Responsible capitalism and irresponsible politicians

Another day, another attempt by Clegg to do an impression of a statesman on TV. This time, speaking on behalf of the coalition, the Rory Bremner of politics introduced a shift from one set of buzz words to another.

Words like ‘responsible capitalism’, ’employee ownership’, ‘right to request shares’ and ‘progressive taxation’ were buzzing all over the Mansion House, where the DPM gave the world the benefit of his economic wisdom, springing no doubt from his own rich experience in business. 

About time too: ‘Big Society’ lost its buzz when it turned out it was nothing but buzz. Now we have ’employee ownership’, an idea that’ll supposedly end our economic woes once the TV star has worked out all the ‘details’, which he self-admittedly hasn’t quite done yet.

One detail I’d suggest he concentrate on is how to work out this imaginary scenario. Let’s say four chaps start a company, with each owning 25 percent of the shares. Within a few years the company has thrived, it now employs 100 people, and the owners’ shares are worth a lot of money, though each still owns 25 percent. So how is Clegg going to make them transfer part of the ownership to the employees? Assuming they haven’t seen the light of their own accord? There’s only one sure way: the state moves in, confiscates a portion of the company and distributes the shares. Thus we can reduce Nick’s buzzing ‘responsible capitalism’ to one prosaic word: confiscation.

As to the ‘right to request shares’, one would think no government action is required because this right already exists. In a plc, anyone can buy shares in the open market, no special dispensation needed. And in a privately owned company, an employee can always ask the owners for shares in the business — all they can do is say no. Still, if you never ask, you never get, and perhaps this same employee is valuable enough for the owners to give (or sell) him a small part of the company. Either way, there’s no harm in asking — is this what Clegg is saying?

Probably not. What he’s still too coy to spell out is that, for the employee’s right to request shares to mean anything at all, it must be matched to the owner’s obligation to satisfy the request. So this too means confiscation.

Sure enough, Clegg is suggesting some tax incentives for owners to go along. Again, that area where the devil resides needs to have some light thrown on it. Let’s say our hypothetical four owners have 1,000 shares each. It would then be no great sacrifice for them to give each of their 100 employees a couple of meaningless shares just to qualify for the tax breaks. To think they wouldn’t resort to such a ruse is to presume too much on human goodness.

Therefore, to prevent windows from being dressed in this way, the state would have to insist that the relinquished shares represent a significant chunk of the total. In other words, the state would reserve the right to decide who owns what, effectively turning business owners into business managers first, state employees second.

That would enforce the concept so dear to Clegg’s heart: egalitarianism. He hinted at this affection by yet again using ‘redistribution’ and ‘progressive taxation’ in the positive sense. To Burke ‘compulsory equalisations’ could only mean ‘equal want, equal wretchedness, equal beggary.’ To modern egalitarians like Clegg they are the shining beacon.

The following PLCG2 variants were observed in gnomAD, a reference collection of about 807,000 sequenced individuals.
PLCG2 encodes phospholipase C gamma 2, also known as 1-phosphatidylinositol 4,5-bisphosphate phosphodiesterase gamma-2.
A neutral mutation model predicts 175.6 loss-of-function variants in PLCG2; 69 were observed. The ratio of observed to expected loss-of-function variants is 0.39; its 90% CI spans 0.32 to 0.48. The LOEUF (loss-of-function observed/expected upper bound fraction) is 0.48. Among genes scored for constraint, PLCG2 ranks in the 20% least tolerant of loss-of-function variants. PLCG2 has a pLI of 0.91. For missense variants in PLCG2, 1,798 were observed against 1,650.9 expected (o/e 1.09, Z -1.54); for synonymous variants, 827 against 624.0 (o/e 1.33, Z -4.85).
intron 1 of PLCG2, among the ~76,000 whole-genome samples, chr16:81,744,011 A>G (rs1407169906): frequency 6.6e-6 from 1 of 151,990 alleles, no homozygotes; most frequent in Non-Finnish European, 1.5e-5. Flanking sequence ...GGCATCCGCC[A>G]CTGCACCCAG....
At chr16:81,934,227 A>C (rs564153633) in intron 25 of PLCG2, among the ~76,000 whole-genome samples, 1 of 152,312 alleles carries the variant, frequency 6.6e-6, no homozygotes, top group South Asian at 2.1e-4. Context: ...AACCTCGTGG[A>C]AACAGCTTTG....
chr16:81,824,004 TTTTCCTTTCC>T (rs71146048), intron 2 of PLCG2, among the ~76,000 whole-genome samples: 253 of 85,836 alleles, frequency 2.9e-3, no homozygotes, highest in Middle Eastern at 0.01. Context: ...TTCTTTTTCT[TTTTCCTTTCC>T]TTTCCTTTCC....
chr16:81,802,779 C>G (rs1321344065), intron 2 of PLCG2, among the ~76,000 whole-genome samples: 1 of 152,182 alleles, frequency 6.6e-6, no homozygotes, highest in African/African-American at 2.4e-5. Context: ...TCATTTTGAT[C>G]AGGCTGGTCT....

‘Progressive’, which is to say redistributive, taxation highlights this by setting up a conflict between two pieties. On the one hand, redistributive taxes represent an egalitarian attempt to push high earners down to a lower level. On the other hand, they are a flagrant violation of the principle of equality before law, which is the only equality that can be mentioned in the same breath as justice.

It goes without saying that someone who earns more should pay more tax in absolute terms. But to make him pay, say, four times the proportion of his income has as much to do with justice as the Korean People’s Democratic Republic has to do with people, democracy or republicanism. So at the heart of Clegg’s affection for ‘progressive’ taxation lies the same deeply felt conviction in confiscation. Bogus equality will trump the real kind every time.

One can detect the source of Clegg’s ideas (details presumably to be worked out after the next election). In Germany employees indeed sit on remuneration committees and take a more active part in management. This goes back to Walther Rathenau’s war socialism of the First World War, a practice later embellished and incorporated by the Federal Republic. It’s debatable whether Germany’s economic successes are indeed attributable to worker participation, as opposed to the superior work ethic and education of their labour force. But the German provenance of this arrangement is indisputable, and Nick does have this uncontrollable passion for things continental.

It’s far from certain, however, that, in the absence of superior work ethic and education, employee ownership would be universally successful in Britain. Still, as the success of John Lewis, much touted by Clegg, shows, the idea isn’t without merit in some situations and for some types of business (in this instance, retail trade). But Nick, Dave, George, Vince, Danny and the rest of the gang must learn that, when it comes to companies they don’t own, there has to be an uncrossable line between a promising idea and government action. 

If you want to help the economy, gentlemen, just halve taxation and government spending, leave the EU with its stifling regulations, and let us get on with it. We’ll sort ourselves out, thank you very much. The people who make a big success of the businesses they own don’t need your help — much less your diktats — to decide how to deal with employees.

And please — please! — spare us the waffle and buzz words. Keep those for your ghost-written memoirs.


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